And now it’s time to get out the door, since I’ve already crossed off a few things on the to-do list. Retreating to the couch with Unfinished Tales sounds like a lovely way to spend the afternoon, and might even give me more fuel for yelling about Tolkien™ at a later date. Which I’m sure you’re in breathless anticipation of, my dears. (I have a lot to say about Feanor, but who doesn’t?)

Anyway. Happy Monday, beloveds, we’re on the downward slope of 2020 and it looks like the coup might have failed this time (of course, they’ll just try again harder in 2024, I’m sure) but the damage is deep enough to satisfy even the worst sociopaths in office.

…yeah, I’m not very optimistic today. Maybe it’s the scabs and the residual swelling.

Over and out.

RELEASE DAY: The Poison Prince

I told you there was a release day coming up, didn’t I? I’ve been writing epic fantasy under the name S. C. Emmett for a while now.

I do not intend to stop.


The Poison Prince

The crown princess has been assassinated, reigniting tensions between her native Khir and the great Zhaon empire. Now her lady-in-waiting, Komor Yala, is alone in a foreign court, a pawn for imperial schemes. To survive and avenge her princess, Yala will have to rely on unlikely allies — the sly Third Prince Garan Takshin and the war-hardened general Zakkar Kai who sacked her homeland.

But as the Emperor lies upon his deathbed, the palace is more dangerous than ever before — for there are six princes… and only one throne.

And now, the killing begins…

Now available through Amazon, Barnes & Noble, Apple, Kobo, and independent bookstores.


This is book 2 of a trilogy, dear Readers, and it’s a meaty one. Intrigue, court ceremony, assassination, armies, barbarians, tea, lovely dresses, more assassinations–it’s all here, and I’ve had a helluva time. Book 3 has been written and is resting with the editor now; believe me, finishing the third of a great sweeping epic in 2020 has been a task.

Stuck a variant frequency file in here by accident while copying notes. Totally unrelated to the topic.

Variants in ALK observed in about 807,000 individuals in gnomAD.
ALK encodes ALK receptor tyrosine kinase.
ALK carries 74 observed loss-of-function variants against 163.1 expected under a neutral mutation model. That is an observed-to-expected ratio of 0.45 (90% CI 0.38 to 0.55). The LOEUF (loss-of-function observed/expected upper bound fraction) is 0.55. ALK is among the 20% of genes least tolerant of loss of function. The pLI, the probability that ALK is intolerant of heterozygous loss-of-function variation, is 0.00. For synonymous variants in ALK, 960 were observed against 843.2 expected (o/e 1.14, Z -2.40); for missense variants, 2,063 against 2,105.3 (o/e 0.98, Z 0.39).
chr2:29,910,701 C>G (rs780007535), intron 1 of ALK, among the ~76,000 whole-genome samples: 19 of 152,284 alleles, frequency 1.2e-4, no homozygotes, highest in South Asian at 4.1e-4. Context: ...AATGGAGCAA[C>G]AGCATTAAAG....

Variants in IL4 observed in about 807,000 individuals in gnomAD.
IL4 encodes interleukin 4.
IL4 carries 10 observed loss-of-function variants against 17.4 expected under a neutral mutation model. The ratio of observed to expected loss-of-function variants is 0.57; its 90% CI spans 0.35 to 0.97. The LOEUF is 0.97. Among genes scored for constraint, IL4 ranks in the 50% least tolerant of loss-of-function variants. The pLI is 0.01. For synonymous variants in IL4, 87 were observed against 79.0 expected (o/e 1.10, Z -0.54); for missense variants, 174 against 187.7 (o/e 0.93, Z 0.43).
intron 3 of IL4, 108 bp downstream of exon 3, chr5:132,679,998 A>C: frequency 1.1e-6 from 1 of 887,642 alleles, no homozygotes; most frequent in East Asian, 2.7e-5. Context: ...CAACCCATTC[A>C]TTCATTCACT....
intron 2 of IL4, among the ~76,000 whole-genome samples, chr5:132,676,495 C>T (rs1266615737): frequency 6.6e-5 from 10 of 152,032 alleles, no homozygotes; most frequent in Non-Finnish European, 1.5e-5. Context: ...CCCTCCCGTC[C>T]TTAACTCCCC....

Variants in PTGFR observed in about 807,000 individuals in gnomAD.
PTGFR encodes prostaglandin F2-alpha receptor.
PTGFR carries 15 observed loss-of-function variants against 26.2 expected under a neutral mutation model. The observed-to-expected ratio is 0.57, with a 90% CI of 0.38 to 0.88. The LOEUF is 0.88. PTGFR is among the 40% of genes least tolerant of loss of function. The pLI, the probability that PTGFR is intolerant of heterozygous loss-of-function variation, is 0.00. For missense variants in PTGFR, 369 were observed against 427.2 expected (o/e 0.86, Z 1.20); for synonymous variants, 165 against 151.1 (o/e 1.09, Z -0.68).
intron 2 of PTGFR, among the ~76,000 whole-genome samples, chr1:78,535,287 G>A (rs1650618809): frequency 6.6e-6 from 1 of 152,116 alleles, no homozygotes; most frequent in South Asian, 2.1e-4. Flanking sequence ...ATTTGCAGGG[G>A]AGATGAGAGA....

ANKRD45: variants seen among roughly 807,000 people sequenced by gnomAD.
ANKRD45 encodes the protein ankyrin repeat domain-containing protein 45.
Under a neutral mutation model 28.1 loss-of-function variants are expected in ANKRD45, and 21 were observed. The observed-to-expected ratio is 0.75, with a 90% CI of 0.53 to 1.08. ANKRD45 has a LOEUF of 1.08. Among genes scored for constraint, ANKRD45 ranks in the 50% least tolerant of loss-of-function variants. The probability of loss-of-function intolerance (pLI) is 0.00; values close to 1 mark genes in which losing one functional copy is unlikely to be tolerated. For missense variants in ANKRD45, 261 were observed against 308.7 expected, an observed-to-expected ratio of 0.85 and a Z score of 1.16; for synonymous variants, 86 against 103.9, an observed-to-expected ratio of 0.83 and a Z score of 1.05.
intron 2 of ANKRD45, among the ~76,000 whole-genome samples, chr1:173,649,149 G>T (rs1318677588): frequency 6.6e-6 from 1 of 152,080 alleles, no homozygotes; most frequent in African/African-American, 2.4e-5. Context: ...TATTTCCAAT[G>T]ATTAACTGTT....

I wasn’t sure, even up to the finish line, that I’d make it.

Many of my books are love stories–for example, Cormorant Run was my love story to Soviet-era sci-fi, and the Romances of Arquitaine a love song to chivalric epics I swallowed whole as a teenager. Hostage to Empire (my own personal name for this series) is no different; I’ll let readers find out in their own way who I’m singing to, and why. It’s been a very long bumpy ride, but I don’t think I’ve done too badly.

Of course, the editor will tell me, probably after the holidays, if I have or not.

In the meantime, here’s Book 2, and I hope you like it. It holds several scenes I’ve been just dying to share–mostly Yala’s Ride, but also a few others. My heart was in my throat and my entire body tingling while I wrote most of it, and I can only hope some of that excitement comes through.

What a sorcery it is, little ink-marks on a page (hopefully) transmitting my joy and enthusiasm to you. I’m very grateful to have this job, my beloveds; you can’t know how grateful.

I hope you like what I’ve done with it. And now, as is usual on a release day, I’m going to go stick my head in a bucket and have some nerves. You’d think I’d be used to releasing books by now, but each time, I am a long-tailed cat in a roomful of rocking chairs, as my grandfather used to say.